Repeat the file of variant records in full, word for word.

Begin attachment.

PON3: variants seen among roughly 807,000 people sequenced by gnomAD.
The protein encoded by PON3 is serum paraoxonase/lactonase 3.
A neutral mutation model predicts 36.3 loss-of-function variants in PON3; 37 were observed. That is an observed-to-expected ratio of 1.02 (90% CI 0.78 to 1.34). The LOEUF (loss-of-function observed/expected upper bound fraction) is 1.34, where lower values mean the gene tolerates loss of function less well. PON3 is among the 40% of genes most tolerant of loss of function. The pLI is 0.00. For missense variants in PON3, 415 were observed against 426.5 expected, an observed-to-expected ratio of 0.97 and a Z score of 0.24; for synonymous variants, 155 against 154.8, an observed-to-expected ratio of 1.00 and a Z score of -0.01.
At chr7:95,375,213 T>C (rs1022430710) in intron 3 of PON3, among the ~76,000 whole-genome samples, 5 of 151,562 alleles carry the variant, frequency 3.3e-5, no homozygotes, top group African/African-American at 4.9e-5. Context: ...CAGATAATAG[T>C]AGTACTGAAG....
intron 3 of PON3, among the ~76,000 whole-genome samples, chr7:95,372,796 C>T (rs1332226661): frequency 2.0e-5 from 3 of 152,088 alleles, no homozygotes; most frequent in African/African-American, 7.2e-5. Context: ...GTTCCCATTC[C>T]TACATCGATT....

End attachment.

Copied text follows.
PON3: variants seen among roughly 807,000 people sequenced by gnomAD.
The protein encoded by PON3 is serum paraoxonase/lactonase 3.
A neutral mutation model predicts 36.3 loss-of-function variants in PON3; 37 were observed. That is an observed-to-expected ratio of 1.02 (90% CI 0.78 to 1.34). The LOEUF (loss-of-function observed/expected upper bound fraction) is 1.34, where lower values mean the gene tolerates loss of function less well. PON3 is among the 40% of genes most tolerant of loss of function. The pLI is 0.00. For missense variants in PON3, 415 were observed against 426.5 expected, an observed-to-expected ratio of 0.97 and a Z score of 0.24; for synonymous variants, 155 against 154.8, an observed-to-expected ratio of 1.00 and a Z score of -0.01.
At chr7:95,375,213 T>C (rs1022430710) in intron 3 of PON3, among the ~76,000 whole-genome samples, 5 of 151,562 alleles carry the variant, frequency 3.3e-5, no homozygotes, top group African/African-American at 4.9e-5. Context: ...CAGATAATAG[T>C]AGTACTGAAG....
intron 3 of PON3, among the ~76,000 whole-genome samples, chr7:95,372,796 C>T (rs1332226661): frequency 2.0e-5 from 3 of 152,088 alleles, no homozygotes; most frequent in African/African-American, 7.2e-5. Context: ...GTTCCCATTC[C>T]TACATCGATT....